The phobia keeping people from regular dental care puts their lives at risk. That’s correct! Poor dental health can lead to diseases of the mouth and problems throughout your body. Did you know that your oral health offers clues about your overall health – or that problems in your mouth can affect the rest of your body?
Your general physician should check your teeth during any wellness exam to detect signs of poor care and lecture you on what those signs reveal.
Of course, there are many reasons to seek regular oral treatment. You want to ensure your best cosmetic appearance and avoid the pain accompanying decaying teeth.
But, you must also seek treatment to avoid tooth loss, teeth displacement, and periodontal diseases.
Major consequences of poor dental care
1. Cardiovascular problems
Poor oral health has an indirect impact on your heart health. Research shows oral bacteria can enter the bloodstream where it builds plaque along the inner artery walls, reducing blood flow, and increasing the incidence of heart attack or stroke.
Harvard Medical School agrees, “The bacteria that infect the gums and cause gingivitis and periodontitis also travel to blood vessels elsewhere in the body where they cause blood vessel inflammation and damage; tiny blood clots, heart attack and stroke may follow”. Their research has found evidence “of oral bacteria in atherosclerotic blood vessel far from the mouth”.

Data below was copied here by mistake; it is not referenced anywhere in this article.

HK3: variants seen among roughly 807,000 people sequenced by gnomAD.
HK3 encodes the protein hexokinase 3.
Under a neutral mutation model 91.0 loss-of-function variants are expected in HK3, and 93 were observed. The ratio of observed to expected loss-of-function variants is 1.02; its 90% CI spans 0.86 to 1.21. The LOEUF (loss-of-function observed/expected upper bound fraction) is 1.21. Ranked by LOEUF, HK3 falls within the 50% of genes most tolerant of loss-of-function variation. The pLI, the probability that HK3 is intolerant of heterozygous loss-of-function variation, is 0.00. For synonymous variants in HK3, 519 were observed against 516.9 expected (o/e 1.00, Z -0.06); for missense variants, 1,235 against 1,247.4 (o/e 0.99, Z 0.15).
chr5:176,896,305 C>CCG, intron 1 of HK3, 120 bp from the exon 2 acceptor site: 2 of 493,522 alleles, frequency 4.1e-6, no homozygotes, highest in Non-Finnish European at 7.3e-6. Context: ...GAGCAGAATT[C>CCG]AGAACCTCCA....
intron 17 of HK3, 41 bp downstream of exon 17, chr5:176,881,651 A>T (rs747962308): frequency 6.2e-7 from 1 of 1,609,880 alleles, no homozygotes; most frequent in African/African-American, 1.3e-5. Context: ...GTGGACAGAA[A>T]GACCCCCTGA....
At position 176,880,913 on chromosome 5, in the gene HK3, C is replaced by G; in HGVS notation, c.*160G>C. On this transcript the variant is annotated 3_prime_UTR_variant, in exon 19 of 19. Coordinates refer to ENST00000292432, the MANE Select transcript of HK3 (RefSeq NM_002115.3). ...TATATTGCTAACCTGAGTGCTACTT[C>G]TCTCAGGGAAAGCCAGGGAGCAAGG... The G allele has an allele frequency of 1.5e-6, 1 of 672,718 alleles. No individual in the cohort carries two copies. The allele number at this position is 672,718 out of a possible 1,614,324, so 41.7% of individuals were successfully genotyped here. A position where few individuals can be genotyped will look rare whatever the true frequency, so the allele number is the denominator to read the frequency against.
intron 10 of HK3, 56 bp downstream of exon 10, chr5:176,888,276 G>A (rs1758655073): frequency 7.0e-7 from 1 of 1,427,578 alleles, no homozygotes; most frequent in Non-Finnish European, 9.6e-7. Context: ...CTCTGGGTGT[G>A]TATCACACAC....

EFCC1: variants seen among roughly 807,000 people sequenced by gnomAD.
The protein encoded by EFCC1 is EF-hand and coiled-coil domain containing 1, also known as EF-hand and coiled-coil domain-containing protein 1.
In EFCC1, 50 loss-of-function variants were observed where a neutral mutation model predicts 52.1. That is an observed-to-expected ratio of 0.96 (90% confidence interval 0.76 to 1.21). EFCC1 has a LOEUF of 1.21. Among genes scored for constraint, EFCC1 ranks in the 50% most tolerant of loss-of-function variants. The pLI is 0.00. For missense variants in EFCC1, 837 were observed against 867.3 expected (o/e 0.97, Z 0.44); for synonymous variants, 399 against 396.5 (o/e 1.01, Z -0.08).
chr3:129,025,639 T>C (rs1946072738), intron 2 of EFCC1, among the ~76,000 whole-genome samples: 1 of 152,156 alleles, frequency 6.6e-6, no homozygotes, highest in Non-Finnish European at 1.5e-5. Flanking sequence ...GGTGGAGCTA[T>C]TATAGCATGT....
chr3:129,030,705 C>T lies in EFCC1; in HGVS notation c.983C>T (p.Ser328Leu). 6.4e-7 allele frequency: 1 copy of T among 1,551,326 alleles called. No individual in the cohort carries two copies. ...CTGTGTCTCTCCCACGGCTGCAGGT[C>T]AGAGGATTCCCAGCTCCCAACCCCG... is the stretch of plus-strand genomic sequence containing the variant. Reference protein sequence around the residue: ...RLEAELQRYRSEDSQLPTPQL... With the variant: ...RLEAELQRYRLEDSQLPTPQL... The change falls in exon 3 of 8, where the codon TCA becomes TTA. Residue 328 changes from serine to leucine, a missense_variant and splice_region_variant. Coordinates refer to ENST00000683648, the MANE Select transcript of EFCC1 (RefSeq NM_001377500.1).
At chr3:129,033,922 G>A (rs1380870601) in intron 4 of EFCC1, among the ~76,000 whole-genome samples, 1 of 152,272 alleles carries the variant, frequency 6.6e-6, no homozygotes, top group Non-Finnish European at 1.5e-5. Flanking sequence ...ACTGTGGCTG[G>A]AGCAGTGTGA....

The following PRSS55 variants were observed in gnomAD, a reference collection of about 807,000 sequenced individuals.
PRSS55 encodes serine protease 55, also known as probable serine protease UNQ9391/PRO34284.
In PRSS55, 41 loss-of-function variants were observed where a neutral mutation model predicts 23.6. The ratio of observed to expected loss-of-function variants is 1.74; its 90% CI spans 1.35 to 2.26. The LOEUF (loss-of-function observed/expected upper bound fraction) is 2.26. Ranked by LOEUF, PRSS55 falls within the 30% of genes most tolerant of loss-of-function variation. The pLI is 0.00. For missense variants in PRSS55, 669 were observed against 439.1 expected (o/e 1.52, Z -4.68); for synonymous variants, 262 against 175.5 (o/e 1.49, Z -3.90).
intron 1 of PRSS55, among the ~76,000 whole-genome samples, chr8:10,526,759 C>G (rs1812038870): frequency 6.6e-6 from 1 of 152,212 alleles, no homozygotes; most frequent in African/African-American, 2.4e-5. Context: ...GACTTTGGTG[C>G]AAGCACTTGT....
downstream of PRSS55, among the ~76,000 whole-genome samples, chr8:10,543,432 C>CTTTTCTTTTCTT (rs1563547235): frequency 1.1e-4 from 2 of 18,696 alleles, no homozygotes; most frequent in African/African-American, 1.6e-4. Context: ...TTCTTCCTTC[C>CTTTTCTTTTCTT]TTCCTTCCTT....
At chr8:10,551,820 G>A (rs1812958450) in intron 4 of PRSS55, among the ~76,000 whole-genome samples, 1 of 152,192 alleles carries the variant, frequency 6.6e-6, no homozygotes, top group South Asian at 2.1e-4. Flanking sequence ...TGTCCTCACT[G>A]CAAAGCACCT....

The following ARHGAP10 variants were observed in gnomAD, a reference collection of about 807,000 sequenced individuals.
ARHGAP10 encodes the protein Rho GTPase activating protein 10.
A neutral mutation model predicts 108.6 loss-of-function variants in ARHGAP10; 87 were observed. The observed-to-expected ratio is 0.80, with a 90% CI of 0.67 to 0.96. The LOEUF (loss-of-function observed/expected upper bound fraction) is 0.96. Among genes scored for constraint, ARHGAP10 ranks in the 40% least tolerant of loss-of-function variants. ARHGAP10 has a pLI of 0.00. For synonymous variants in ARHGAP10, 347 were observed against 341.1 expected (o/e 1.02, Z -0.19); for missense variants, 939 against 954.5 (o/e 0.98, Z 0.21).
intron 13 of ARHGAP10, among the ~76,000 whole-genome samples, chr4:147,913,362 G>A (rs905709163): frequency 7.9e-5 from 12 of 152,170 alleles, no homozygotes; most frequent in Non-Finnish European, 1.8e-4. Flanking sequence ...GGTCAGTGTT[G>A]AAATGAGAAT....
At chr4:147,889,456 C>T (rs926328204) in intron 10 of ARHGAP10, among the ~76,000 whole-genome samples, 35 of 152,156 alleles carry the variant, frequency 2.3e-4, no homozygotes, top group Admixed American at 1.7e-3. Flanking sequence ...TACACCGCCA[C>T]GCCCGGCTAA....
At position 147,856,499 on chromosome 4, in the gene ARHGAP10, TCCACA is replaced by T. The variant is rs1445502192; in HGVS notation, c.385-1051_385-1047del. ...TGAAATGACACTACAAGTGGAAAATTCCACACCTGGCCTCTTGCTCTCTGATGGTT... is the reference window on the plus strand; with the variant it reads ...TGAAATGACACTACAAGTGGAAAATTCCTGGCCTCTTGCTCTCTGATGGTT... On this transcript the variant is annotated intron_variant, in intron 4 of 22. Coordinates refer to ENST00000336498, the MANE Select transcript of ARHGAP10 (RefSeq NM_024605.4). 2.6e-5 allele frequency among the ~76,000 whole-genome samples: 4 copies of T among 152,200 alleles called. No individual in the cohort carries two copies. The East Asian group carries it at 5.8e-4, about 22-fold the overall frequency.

There is also a correlation between poor oral care, lack of exercise, smoking, and other poor health practices.
2. Endocarditis risks
Your endocardium lines the inside of your heart, its valves and chambers. Endocarditis is a swelling of the endocardium from inflammation caused by bacteria and fungi you have ingested.
Left to multiply, those microbes will irritate the endocardium and may fatally damage the heart and/or heart valves.
A 2009 study reported in JADA (Journal of the American Dental Association), found “oral hygiene and gingival disease indexes were associated significantly with IE-related [Infective Endocarditis] bacteremia after toothbrushing”.
Subjects with higher than normal plaque accumulations were at almost five times higher risk of developing the bacterium. And, those bleeding after brushing were almost eight times more likely to transmit the bacterium.
3. Respiratory issues
The gum disease related to poor oral care puts you at risk of COPD (Chronic Obstructive Pulmonary Disease) and pneumonia.
Research in Critical Care (2009) confirmed, “Potential respiratory pathogens include Staphylococcus aureus, Pseudomonas aeruginosa, Acinetobacter species and enteric species, all of which can be seen in dental plaque and oral mucosa colonizations; strains of these bacteria have been genetically identical in dental plaque and bronchoscopic cultures from those who have developed respiratory diseases, specifically VAP” (Ventilator-Associated Pneumonia).
4. Cancer risks
A study in Journal of Maxillofacial and Oral Surgery (2012) boldly asserts, “The results indicate that periodontal diseases ensuing from inadequate and infrequent tooth brushing as indicated by the poor oral condition of the mouth and missing teeth may be independent causes of cancers of the mouth and esophagus”.
It’s also clear that poor oral conditions make people vulnerable to the transference of HPV (Human Papillomavirus), the cause of several cancers of the gums, tongue and…